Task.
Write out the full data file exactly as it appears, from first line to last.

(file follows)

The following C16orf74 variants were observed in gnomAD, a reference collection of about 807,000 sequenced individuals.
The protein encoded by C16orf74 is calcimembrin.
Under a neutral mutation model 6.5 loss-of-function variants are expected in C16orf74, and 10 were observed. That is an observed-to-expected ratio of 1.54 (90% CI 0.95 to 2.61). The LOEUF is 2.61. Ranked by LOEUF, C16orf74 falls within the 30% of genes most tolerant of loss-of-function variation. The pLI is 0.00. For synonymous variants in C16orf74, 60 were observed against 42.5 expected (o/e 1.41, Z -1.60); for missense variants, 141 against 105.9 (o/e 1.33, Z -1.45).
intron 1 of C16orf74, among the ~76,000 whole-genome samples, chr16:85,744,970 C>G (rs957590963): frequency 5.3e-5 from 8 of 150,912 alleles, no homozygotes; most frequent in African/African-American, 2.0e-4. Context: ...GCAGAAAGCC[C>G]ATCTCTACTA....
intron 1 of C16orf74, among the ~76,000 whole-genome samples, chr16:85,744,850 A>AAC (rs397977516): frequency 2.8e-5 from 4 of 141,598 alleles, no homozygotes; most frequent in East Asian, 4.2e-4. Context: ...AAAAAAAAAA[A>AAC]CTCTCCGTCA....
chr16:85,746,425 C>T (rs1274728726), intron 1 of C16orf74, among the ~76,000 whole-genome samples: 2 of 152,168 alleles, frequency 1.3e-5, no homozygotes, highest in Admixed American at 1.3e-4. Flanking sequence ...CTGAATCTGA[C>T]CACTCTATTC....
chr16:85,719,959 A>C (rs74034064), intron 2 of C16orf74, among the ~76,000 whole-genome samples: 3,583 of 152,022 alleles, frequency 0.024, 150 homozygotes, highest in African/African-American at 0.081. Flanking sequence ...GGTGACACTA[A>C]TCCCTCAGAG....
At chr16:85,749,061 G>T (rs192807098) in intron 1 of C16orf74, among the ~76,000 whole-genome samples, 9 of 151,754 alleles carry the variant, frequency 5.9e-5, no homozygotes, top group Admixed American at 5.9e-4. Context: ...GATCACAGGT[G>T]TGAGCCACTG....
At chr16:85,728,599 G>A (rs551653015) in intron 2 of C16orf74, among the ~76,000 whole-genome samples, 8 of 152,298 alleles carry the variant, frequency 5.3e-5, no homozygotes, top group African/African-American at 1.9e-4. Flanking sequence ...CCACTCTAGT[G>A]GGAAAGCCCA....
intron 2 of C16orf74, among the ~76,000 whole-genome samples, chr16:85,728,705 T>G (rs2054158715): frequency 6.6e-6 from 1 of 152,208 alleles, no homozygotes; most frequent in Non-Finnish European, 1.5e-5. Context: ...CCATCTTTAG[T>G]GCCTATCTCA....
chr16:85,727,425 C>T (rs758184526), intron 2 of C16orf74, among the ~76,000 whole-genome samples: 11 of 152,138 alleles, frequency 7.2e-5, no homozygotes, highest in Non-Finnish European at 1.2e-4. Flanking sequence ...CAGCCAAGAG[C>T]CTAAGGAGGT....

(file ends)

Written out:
The following C16orf74 variants were observed in gnomAD, a reference collection of about 807,000 sequenced individuals.
The protein encoded by C16orf74 is calcimembrin.
Under a neutral mutation model 6.5 loss-of-function variants are expected in C16orf74, and 10 were observed. That is an observed-to-expected ratio of 1.54 (90% CI 0.95 to 2.61). The LOEUF is 2.61. Ranked by LOEUF, C16orf74 falls within the 30% of genes most tolerant of loss-of-function variation. The pLI is 0.00. For synonymous variants in C16orf74, 60 were observed against 42.5 expected (o/e 1.41, Z -1.60); for missense variants, 141 against 105.9 (o/e 1.33, Z -1.45).
intron 1 of C16orf74, among the ~76,000 whole-genome samples, chr16:85,744,970 C>G (rs957590963): frequency 5.3e-5 from 8 of 150,912 alleles, no homozygotes; most frequent in African/African-American, 2.0e-4. Context: ...GCAGAAAGCC[C>G]ATCTCTACTA....
intron 1 of C16orf74, among the ~76,000 whole-genome samples, chr16:85,744,850 A>AAC (rs397977516): frequency 2.8e-5 from 4 of 141,598 alleles, no homozygotes; most frequent in East Asian, 4.2e-4. Context: ...AAAAAAAAAA[A>AAC]CTCTCCGTCA....
chr16:85,746,425 C>T (rs1274728726), intron 1 of C16orf74, among the ~76,000 whole-genome samples: 2 of 152,168 alleles, frequency 1.3e-5, no homozygotes, highest in Admixed American at 1.3e-4. Flanking sequence ...CTGAATCTGA[C>T]CACTCTATTC....
chr16:85,719,959 A>C (rs74034064), intron 2 of C16orf74, among the ~76,000 whole-genome samples: 3,583 of 152,022 alleles, frequency 0.024, 150 homozygotes, highest in African/African-American at 0.081. Flanking sequence ...GGTGACACTA[A>C]TCCCTCAGAG....
At chr16:85,749,061 G>T (rs192807098) in intron 1 of C16orf74, among the ~76,000 whole-genome samples, 9 of 151,754 alleles carry the variant, frequency 5.9e-5, no homozygotes, top group Admixed American at 5.9e-4. Context: ...GATCACAGGT[G>T]TGAGCCACTG....
At chr16:85,728,599 G>A (rs551653015) in intron 2 of C16orf74, among the ~76,000 whole-genome samples, 8 of 152,298 alleles carry the variant, frequency 5.3e-5, no homozygotes, top group African/African-American at 1.9e-4. Flanking sequence ...CCACTCTAGT[G>A]GGAAAGCCCA....
intron 2 of C16orf74, among the ~76,000 whole-genome samples, chr16:85,728,705 T>G (rs2054158715): frequency 6.6e-6 from 1 of 152,208 alleles, no homozygotes; most frequent in Non-Finnish European, 1.5e-5. Context: ...CCATCTTTAG[T>G]GCCTATCTCA....
chr16:85,727,425 C>T (rs758184526), intron 2 of C16orf74, among the ~76,000 whole-genome samples: 11 of 152,138 alleles, frequency 7.2e-5, no homozygotes, highest in Non-Finnish European at 1.2e-4. Flanking sequence ...CAGCCAAGAG[C>T]CTAAGGAGGT....